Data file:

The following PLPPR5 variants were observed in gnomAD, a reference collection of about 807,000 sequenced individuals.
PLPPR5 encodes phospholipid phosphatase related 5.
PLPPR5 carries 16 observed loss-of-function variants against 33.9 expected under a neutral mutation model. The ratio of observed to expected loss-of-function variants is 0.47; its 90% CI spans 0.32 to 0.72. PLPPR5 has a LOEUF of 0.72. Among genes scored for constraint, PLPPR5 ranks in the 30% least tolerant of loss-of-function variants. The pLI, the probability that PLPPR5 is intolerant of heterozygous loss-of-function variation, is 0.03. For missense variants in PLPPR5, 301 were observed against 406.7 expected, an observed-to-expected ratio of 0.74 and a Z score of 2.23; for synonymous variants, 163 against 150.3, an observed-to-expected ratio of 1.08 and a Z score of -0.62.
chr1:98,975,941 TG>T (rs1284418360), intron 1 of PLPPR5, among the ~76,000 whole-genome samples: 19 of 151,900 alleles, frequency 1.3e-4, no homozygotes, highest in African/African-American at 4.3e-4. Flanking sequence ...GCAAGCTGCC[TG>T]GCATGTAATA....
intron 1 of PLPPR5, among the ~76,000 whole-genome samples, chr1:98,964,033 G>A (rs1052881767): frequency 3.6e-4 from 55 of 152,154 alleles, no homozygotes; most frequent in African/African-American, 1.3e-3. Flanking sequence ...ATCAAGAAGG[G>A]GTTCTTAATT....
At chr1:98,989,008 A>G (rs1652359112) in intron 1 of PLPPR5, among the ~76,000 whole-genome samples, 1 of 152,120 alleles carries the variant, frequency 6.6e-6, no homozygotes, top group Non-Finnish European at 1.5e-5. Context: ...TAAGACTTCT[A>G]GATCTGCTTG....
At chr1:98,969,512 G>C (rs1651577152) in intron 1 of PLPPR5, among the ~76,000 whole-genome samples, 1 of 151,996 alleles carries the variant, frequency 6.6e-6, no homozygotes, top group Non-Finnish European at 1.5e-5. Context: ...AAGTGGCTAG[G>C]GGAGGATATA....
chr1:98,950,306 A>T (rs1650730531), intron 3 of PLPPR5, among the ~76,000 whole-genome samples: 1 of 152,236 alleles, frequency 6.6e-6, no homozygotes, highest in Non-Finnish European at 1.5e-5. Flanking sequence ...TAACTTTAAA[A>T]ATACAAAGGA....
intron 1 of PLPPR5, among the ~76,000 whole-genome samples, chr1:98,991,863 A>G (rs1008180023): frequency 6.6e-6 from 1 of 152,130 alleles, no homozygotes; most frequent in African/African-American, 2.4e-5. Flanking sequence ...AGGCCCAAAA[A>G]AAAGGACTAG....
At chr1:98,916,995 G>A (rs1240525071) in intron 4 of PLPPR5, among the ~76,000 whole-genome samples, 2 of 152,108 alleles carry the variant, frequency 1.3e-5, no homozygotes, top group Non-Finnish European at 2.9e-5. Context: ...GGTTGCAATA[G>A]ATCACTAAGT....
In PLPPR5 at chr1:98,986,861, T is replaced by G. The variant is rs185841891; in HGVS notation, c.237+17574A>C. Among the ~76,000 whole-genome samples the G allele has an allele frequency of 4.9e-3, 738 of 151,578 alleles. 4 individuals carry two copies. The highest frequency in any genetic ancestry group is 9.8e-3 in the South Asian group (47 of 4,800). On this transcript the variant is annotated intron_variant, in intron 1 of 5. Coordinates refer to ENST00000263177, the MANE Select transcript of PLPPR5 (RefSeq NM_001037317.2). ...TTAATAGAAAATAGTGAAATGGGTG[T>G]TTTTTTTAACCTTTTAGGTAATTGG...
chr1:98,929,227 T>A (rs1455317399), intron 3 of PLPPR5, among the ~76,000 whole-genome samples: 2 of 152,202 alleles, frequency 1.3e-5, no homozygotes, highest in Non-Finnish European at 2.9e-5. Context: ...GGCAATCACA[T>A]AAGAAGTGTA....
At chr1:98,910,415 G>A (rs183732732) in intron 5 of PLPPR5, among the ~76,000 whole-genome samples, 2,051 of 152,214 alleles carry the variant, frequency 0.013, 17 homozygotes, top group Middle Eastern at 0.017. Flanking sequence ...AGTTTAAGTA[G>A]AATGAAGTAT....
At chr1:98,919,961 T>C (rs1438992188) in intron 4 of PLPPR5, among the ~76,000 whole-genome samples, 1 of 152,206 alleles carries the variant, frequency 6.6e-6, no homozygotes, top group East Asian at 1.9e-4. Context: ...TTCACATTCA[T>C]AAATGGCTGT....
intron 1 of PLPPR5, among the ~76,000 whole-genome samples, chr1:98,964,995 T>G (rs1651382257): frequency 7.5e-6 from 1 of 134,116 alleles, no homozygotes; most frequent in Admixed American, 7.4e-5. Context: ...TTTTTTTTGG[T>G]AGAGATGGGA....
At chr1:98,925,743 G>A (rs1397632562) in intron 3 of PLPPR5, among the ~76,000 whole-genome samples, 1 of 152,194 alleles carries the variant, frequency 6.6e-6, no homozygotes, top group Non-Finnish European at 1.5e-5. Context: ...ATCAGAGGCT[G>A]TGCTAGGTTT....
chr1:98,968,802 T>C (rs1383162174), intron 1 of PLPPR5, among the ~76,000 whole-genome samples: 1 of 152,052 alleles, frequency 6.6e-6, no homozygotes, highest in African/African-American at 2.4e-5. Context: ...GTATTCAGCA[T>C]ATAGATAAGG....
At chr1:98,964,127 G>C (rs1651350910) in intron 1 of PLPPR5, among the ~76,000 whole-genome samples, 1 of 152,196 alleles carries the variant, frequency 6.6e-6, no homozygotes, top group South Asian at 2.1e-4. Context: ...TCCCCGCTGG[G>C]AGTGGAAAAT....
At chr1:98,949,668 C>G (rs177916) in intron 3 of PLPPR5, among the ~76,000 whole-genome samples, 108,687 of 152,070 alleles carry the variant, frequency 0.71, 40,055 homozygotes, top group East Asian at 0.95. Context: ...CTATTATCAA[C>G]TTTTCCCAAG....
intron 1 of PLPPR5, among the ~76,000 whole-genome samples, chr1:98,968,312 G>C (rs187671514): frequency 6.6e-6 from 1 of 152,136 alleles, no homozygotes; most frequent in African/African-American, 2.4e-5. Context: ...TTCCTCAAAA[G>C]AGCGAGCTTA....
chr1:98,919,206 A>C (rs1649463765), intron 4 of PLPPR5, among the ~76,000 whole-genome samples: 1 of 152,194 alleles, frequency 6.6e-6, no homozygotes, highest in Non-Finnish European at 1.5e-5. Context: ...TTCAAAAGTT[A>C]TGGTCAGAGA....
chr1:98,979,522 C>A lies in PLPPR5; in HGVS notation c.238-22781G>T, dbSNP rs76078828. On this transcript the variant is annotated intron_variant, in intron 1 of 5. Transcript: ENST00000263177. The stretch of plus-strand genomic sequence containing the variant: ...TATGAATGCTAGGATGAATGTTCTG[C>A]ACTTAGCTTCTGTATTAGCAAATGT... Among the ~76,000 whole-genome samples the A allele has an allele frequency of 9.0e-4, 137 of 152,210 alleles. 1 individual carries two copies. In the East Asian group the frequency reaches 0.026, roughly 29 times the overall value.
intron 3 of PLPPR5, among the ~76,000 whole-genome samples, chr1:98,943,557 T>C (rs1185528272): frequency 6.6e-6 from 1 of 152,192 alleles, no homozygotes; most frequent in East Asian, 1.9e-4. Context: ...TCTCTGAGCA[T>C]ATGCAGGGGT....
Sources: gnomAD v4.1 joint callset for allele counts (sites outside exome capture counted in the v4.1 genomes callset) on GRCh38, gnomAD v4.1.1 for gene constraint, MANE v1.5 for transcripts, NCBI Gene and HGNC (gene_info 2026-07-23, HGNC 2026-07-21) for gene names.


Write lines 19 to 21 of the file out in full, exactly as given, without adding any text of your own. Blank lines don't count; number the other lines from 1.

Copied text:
At chr1:98,949,668 C>G (rs177916) in intron 3 of PLPPR5, among the ~76,000 whole-genome samples, 108,687 of 152,070 alleles carry the variant, frequency 0.71, 40,055 homozygotes, top group East Asian at 0.95. Context: ...CTATTATCAA[C>G]TTTTCCCAAG....
intron 1 of PLPPR5, among the ~76,000 whole-genome samples, chr1:98,968,312 G>C (rs187671514): frequency 6.6e-6 from 1 of 152,136 alleles, no homozygotes; most frequent in African/African-American, 2.4e-5. Context: ...TTCCTCAAAA[G>C]AGCGAGCTTA....
chr1:98,919,206 A>C (rs1649463765), intron 4 of PLPPR5, among the ~76,000 whole-genome samples: 1 of 152,194 alleles, frequency 6.6e-6, no homozygotes, highest in Non-Finnish European at 1.5e-5. Context: ...TTCAAAAGTT[A>C]TGGTCAGAGA....